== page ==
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CelSian’s Glass Furnace Simulations on Pointwise Grids Celebrate 2022, the International Year of Glass

Abstract: Computational Fluid Dynamics (CFD) continues to extend its reach in different domains, and with CelSian’s simulation software, GTMX, it is possible to simulate and analyze the physics inside a glass furnace. GTMX has dedicated models that allow furnace designers to predict the factors affecting production time and quality. CelSian uses Cadence® Fidelity™ Pointwise® as the mesh generation software for refinement in locations where the physics is crucial for the glass production process. Using a computer simulation technology wherein the CAD import and meshing are carried out in Fidelity Pointwise, and the simulation is solved on GTMX, different models with multiple design criteria can be tested within the time constraints.


The United Nations (UN) has chosen 2022 as the International Year of Glass (IYOG2022) to celebrate the transformative changes that glass has brought into our lives, from glass optical fibers for high-speed internet connectivity to new innovative glass designs for reinforcement structures in buildings and household appliances. The UN has addressed a few target points that they plan to achieve by 2030, which include:

  • Organizing events that highlight the link between glass, art, and culture
  • Build global alliances focused on science and engineering for young minds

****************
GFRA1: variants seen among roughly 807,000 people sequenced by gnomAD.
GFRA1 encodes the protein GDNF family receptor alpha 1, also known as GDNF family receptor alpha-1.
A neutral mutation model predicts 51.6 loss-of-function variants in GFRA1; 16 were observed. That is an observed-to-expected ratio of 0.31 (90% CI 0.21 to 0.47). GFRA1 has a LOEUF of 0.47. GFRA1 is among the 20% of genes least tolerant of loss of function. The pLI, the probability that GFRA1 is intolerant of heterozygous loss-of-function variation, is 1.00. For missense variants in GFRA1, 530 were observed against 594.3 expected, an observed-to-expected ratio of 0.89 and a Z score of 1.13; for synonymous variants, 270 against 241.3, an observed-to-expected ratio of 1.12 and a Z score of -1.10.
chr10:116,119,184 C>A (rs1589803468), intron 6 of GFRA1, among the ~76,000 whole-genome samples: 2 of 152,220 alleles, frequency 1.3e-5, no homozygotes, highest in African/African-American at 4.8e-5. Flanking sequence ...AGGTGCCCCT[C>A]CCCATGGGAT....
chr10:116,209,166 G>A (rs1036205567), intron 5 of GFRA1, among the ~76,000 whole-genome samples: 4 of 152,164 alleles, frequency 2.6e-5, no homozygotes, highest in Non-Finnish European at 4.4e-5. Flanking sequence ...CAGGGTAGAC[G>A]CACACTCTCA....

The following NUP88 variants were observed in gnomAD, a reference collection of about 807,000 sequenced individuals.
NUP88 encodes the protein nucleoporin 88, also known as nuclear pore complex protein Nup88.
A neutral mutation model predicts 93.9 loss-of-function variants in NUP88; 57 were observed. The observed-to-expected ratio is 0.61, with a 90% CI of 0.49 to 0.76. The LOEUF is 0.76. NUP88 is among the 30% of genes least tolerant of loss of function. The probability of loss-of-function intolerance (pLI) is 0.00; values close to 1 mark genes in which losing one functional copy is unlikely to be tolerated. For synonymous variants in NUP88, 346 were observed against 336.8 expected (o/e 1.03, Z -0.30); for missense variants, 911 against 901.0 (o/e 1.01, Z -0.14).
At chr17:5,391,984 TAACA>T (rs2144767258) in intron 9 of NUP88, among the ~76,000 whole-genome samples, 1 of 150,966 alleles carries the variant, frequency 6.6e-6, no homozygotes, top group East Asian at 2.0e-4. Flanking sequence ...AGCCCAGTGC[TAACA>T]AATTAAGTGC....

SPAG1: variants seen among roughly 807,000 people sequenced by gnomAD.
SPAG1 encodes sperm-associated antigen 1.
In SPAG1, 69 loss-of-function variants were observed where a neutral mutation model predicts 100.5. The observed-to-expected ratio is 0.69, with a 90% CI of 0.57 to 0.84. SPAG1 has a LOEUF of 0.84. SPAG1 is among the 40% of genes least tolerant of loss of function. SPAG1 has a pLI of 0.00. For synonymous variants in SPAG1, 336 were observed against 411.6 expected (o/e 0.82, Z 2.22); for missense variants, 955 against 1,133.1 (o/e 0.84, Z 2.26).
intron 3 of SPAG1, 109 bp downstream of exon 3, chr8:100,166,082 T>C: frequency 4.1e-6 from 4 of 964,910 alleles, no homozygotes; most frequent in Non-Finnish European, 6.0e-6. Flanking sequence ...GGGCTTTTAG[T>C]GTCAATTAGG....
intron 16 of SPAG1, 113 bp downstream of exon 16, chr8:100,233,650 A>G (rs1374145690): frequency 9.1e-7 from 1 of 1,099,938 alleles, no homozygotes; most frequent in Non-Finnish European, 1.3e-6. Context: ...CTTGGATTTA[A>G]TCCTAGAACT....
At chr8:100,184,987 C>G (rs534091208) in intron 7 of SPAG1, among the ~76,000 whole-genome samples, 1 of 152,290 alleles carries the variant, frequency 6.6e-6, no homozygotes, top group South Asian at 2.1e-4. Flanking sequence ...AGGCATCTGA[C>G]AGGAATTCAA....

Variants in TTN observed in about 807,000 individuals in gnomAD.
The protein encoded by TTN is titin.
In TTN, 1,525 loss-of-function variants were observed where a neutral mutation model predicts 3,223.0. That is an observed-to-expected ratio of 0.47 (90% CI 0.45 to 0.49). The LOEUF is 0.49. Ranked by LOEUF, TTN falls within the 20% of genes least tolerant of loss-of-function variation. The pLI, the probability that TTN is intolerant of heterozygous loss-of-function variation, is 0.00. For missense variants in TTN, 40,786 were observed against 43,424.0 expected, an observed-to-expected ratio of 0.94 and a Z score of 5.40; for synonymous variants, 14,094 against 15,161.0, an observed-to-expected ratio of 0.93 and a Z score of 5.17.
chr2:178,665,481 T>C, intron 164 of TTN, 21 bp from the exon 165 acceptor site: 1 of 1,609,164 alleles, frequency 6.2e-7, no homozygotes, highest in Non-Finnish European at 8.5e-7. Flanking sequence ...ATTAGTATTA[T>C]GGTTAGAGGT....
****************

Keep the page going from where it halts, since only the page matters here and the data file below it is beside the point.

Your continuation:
• Promote glass research in academia, industry, and the public domain
  • Demonstrate the changing role of glass in advancing civilization

In today’s technological era, a faster turnaround time is essential to satiate the growing demands of customers, whether in communication or healthcare. With sustainable or renewable goals to accomplish, it is necessary to test an enormous number of glass models before the best solution is available for commercialization. This necessitates a computer simulation technology that can predict the life of the glass furnace, the impact of renewable sources of energy on the furnace life, the impact on the burner, and the product quality, instead of relying on experimentation that is both time-consuming and expensive.

The development of computer simulation began in the previous century. The initial goal was to develop software that could understand and predict heat and mass transfer, fluid flow, chemical reactions, and other related processes that occur in engineering equipment, in the natural environment, and living organisms. The processes of heat transfer and fluid flow pervade many aspects of our life.

In real life, the best approach to solve a complex problem is to divide it into smaller pieces and to solve it piece by piece. Some of the first simulation methods were based on this principle and work as follows: a process is cut into many small boxes, and for each box, the laws of physics are applied (Figure 1). There is an exchange of information between the boxes for the entire process. This is the basic principle of computational simulation tools as we know them today, called computational fluid dynamics, or CFD.

Figure 1. Example of an energy flow balance over a control volume 


Computing the Weather

Weather forecasting is a well-known example of the simulation of wind, rain, and temperature that will be undertaken to predict the weather in the near future. Figure 2 is an example of a climate model where the earth’s atmosphere is discretized into several connecting boxes, and in each box, the local situation is studied using a set of equations. The model includes all the basic factors that affect the climate, such as the atmosphere, ocean, land, and sea ice. The boundaries of this model include the incident solar energy and the heat reflected into space.

Weather forecast models are incorporated into our daily lives; we use them to schedule our day-to-day activities, such as our decision on how to commute to the office